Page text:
Author Topic: Life and Times of Lakshmana Sharma - WHO - Mountain Path, Aradhana 2004  (Read 1494 times)

Subramanian.R

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(The author is Meenkshi Losardi)

Sri Lakshmana Sharma believed to that for man to attain the highest level of perfection and happiness of which he is
capable, culture and civilization are necessary and in so far as they serve this end, they are good and praiseworthy.
It is when a culture degenerates that the right life values are lost and man loses integrity as well as the happiness
which comes from doing what is appropriate. 

He believed that Culture has its foundations in the Supreme Spirit and though beyond the world, is the source of man
himself.  When there is an intimate connection with the Source, then culture is truly culture, not some hollow pretence that
seemingly feeds man's spirit.  The axiom of that Being is the Original Source is the theme of all the Upanishads and the
teachings of all the Sages, the Perfect Ones who have lived and maintained the ancient tradition and culture.  (Call Divine,
January 1960).

He thought that the essence of culture was character, which is best cultivated through religion, and that it was for us to
learn how to pursue religion successfully by the guidance of great world teachers and sages, who have attained egolessness.
The constructive culture necessary for the attainment of the right ends of life could be facilitated by the encouragement of
proper conduct, unselfish devotion and a genuine quest for what is Real.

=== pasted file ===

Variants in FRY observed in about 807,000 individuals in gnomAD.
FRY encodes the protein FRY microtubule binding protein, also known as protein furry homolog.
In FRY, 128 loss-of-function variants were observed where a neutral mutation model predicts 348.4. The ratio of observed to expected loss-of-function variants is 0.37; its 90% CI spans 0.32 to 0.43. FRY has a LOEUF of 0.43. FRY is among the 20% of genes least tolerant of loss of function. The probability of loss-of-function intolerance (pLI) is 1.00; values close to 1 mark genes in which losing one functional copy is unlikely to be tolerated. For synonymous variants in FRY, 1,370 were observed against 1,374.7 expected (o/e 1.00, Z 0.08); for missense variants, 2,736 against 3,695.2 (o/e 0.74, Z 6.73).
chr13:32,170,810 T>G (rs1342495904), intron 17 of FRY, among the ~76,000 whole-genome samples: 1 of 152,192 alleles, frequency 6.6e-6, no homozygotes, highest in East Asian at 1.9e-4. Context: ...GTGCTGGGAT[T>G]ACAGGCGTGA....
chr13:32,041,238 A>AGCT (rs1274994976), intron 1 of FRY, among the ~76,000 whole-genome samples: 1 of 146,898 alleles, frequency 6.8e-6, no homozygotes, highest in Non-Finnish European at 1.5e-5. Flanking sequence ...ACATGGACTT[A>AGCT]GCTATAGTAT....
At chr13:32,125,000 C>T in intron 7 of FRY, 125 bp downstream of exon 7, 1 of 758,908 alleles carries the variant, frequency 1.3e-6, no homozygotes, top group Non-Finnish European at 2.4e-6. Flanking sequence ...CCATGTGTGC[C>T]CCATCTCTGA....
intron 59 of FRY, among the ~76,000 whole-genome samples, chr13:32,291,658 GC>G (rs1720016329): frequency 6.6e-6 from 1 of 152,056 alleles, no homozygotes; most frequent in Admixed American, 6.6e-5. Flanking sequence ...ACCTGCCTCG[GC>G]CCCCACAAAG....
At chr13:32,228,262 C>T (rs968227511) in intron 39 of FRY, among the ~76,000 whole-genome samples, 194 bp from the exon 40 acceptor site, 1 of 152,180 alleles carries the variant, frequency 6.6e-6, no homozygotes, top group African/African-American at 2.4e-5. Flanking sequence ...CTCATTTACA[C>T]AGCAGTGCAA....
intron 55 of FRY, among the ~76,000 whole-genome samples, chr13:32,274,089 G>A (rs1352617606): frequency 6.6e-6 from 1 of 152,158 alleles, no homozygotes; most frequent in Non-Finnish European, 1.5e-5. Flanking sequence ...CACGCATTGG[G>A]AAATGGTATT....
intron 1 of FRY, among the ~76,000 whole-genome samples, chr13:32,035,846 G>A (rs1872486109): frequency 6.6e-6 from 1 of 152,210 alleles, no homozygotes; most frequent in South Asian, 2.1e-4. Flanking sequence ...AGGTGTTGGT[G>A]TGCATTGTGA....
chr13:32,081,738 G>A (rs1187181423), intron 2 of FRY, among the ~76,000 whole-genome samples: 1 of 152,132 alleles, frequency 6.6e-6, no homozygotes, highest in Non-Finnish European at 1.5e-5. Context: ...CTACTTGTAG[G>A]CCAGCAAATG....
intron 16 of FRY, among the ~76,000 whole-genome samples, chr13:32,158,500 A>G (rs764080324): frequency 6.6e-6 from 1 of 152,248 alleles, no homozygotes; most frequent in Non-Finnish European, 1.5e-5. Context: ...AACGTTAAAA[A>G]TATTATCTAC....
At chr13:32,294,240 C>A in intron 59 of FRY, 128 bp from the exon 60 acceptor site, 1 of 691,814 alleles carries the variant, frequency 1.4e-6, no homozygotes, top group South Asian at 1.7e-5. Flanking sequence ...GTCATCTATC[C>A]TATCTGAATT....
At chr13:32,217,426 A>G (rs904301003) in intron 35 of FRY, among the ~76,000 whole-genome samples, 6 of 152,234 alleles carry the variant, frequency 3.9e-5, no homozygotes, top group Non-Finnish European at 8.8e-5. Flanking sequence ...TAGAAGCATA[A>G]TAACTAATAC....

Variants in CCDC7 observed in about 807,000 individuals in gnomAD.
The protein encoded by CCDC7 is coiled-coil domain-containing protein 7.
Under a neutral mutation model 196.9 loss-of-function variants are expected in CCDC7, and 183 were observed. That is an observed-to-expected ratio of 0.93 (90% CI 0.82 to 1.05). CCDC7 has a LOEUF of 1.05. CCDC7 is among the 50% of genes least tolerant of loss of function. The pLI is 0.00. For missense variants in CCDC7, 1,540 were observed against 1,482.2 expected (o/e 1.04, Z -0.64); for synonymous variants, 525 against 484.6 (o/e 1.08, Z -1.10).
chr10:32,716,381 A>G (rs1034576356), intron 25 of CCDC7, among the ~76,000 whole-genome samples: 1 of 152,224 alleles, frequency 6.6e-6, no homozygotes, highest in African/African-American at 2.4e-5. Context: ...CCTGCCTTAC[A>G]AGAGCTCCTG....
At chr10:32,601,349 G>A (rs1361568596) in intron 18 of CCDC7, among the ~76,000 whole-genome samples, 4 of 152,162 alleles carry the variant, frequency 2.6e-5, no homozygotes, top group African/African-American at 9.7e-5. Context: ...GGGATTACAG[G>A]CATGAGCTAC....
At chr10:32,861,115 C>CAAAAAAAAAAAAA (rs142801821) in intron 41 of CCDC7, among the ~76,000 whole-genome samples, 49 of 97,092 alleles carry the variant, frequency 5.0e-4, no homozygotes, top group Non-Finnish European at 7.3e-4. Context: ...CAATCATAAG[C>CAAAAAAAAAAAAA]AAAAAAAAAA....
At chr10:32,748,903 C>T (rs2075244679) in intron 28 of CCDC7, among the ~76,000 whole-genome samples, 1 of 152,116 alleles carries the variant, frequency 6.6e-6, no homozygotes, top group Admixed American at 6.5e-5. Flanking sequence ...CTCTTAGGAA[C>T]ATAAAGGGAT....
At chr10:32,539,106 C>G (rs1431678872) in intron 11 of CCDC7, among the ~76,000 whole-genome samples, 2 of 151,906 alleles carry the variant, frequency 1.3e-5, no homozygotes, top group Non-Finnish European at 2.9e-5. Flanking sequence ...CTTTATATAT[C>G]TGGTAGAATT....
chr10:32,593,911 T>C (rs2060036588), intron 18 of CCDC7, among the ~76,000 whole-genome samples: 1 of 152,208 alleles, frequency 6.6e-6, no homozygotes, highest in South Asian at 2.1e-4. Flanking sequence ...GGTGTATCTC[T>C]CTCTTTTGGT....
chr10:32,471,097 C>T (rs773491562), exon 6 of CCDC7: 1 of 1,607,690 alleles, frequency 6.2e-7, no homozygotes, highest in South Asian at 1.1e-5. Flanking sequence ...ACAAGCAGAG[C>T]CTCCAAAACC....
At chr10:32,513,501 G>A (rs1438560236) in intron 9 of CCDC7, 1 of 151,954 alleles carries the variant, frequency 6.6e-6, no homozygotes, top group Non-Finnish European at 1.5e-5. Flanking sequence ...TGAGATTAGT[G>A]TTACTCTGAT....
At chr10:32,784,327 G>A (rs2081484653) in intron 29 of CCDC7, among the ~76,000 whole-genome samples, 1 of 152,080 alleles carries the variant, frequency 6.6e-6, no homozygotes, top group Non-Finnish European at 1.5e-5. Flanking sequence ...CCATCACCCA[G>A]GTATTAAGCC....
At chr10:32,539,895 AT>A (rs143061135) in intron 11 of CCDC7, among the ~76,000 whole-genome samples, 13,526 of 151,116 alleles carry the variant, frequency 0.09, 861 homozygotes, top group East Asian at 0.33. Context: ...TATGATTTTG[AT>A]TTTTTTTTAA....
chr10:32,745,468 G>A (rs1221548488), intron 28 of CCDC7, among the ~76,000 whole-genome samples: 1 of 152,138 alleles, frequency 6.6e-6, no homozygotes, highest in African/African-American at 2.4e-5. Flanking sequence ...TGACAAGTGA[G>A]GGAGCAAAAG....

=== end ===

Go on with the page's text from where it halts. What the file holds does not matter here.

It was  Sri Bhagavan Himself who said that the best service anyone could do was to strive to become perfect, by becoming
free of the ego.

Lakshmana Sharma dedicated his long and varied life to this quest for culture and civilization by harmonizing the teachings of
his Sadguru, Sri Ramana Maharshi, to those of The Life Natural, which was the dynamic vision and application of his philosophy
and the teachings of the Upanishads and Gita.

contd.,

Arunachala Siva.                 

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continues......

He was born in 1879, at Pudukkottai, Tamizh Nadu in the same year as Sri Bhagavan.  Throughout his childhood, he was
the weakest and sickliest of four brothers in the family.  It was coincidental his bad health as a child helped to develop his
interest in Nature Cure which allowed him to eventually reach the ripe and vigorous age of 86.

As a boy he studied at the local Intermediate College at Pudukkottai, where he showed an early interest and aptitude for
Sanskrit.  Later on,  his studies sent him first to Tiruchirapalli where he gained a Bachelor of Arts, and thereafter to Madras
where he completed a Law Degree.

Lakshmana Sharma worked as a civil lawyer for the Government and eventually served in Pudukkottai, the Official Receiver
of the State (Pudkukkottai was a state ruled by one chieftain then).  At the same time, he was also an active and courageous
social reformer.  He was committed to the Freedom Movement and discarded wearing all foreign cloth and took up wearing
of khadi in 1918.  Even though he knew it would cost him his job as a Government employee, in 1920, he presided over a
public meeting against the autocracy of  the ruler of Pudukkottai. 

In response to Mahatma Gandhi's call, Sharma gave up his lucrative legal practice, withdrew his children from Government
Schools and admitted them into a national gurukulam.  Had it not been for the sudden death of Subrahmanya Aiyar, who